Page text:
What We Know

1 in 5 Americans has a disability.1 That makes 56 million people, the largest minority group in the country. Most of us have had our lives touched by disability - whether it’s you or someone you know who has one - and any of us could. Yet, statistically, someone with a disability is much more likely to be undereducated, out of work, or in poor health than someone without one.2

There are great people out there working hard to close these gaps. But the process of finding them is so often inefficient, outdated, or confusing that many people are left feeling isolated and disempowered.

We're here to do something about that.

Our mission

AbilityList is a place for you to share your resources and discover new ones. Our goal is to connect the 56 million Americans with disabilities (and those who support you!) with resources that work for you, in your hometown and across the country.

How we work

We are Community that Shares

Say you know of a great disability resource, or maybe your company has an awesome program or service for people with disabilities. You log into AbilityList. In four simple steps you share your resource with the entire AbilityList network. Now people all across the country can find your resource in a single search - and you can find theirs.

AT&T NYU Connect Ability Challenge Video

Our team

Theresa Previ, Co-founder & COO

As an entrepreneur and creative and product director, Theresa understands building and sustaining innovative tech products. She keeps us running for the millions of Americans who need our network of support. One of them is her nephew, Matt, who can now turn to AbilityList for anything he’s looking for.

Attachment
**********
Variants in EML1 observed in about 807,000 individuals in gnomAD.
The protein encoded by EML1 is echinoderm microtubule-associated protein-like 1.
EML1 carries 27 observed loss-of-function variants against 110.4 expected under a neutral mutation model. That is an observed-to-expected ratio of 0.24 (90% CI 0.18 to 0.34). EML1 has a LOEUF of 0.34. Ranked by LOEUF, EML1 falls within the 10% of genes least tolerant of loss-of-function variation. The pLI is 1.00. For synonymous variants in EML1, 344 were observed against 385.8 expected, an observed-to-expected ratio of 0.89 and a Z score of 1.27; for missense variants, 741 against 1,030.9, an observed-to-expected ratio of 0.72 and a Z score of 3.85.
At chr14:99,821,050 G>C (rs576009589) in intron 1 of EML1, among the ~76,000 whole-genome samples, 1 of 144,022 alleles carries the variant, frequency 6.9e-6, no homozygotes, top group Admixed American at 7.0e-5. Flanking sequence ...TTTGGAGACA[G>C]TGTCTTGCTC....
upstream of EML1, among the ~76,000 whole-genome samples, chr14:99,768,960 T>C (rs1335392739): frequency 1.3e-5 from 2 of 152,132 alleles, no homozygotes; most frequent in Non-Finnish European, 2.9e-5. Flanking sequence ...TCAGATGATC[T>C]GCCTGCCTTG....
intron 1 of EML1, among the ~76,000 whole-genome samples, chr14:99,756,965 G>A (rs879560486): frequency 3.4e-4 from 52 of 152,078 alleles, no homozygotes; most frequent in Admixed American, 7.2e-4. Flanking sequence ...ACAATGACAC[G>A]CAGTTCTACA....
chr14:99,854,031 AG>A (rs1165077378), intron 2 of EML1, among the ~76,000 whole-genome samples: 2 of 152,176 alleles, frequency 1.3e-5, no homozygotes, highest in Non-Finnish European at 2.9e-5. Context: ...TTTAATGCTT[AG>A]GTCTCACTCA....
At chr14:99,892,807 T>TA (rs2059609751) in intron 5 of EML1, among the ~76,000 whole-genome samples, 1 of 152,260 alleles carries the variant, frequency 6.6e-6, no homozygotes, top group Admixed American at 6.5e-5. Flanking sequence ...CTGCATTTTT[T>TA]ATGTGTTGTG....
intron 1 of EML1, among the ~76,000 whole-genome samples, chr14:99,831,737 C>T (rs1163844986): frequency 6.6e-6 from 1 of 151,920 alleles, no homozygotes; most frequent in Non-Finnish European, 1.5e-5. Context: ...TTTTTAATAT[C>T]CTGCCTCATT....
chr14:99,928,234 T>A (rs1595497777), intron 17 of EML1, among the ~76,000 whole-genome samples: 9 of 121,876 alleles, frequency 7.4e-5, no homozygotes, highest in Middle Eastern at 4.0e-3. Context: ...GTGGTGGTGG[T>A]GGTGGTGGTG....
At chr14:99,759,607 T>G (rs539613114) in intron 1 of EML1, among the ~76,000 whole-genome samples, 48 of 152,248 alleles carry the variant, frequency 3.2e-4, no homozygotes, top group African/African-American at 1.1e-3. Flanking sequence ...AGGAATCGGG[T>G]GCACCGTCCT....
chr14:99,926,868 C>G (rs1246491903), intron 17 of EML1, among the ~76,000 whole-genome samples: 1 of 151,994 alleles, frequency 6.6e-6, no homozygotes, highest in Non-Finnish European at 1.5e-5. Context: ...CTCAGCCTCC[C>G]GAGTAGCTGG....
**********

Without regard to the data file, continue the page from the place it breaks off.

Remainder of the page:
Andrew Zitek, Co-founder & CTO

Andrew is our lead developer, and a master when it comes to product and strategy. As a tech nonprofit, we’re incredibly proud of his free API and open code base. Andrew also works as an independent contractor specializing in Rails, Javascript, and more.

Robert Gil, Growth & Outreach

Robert is our man on the ground. He works one-on-one with members of the disability community and disability service providers to make sure our network is truly meeting your needs. As someone who has a disability himself, his knowledge and experience make him an invaluable member of our team (and yours).

Ben Kim, Marketing & Ops

After a successful year in the NYC start-up scene, Ben left the private sector looking for ways to do more for his community - and we’re so glad he did. Now he keeps all our logistics, communications, and social media running smoothly. Ben’s hard work makes life easier for Americans with disabilities, including his grandmother

Our board of experts

Steve Way

Steve is a substitute teacher by day and a stand up comedian by night. Born with Muscular Dystrophy, he’s been a lifelong advocate for disability awareness. Steve’s been speaking publicly and motivationally on disability since age ten, most notably with the Muscular Dystrophy Association. You can see him doing stand-up in the NYC metro area, and as the star (and co-creator) of the web series Uplifting Dystrophy.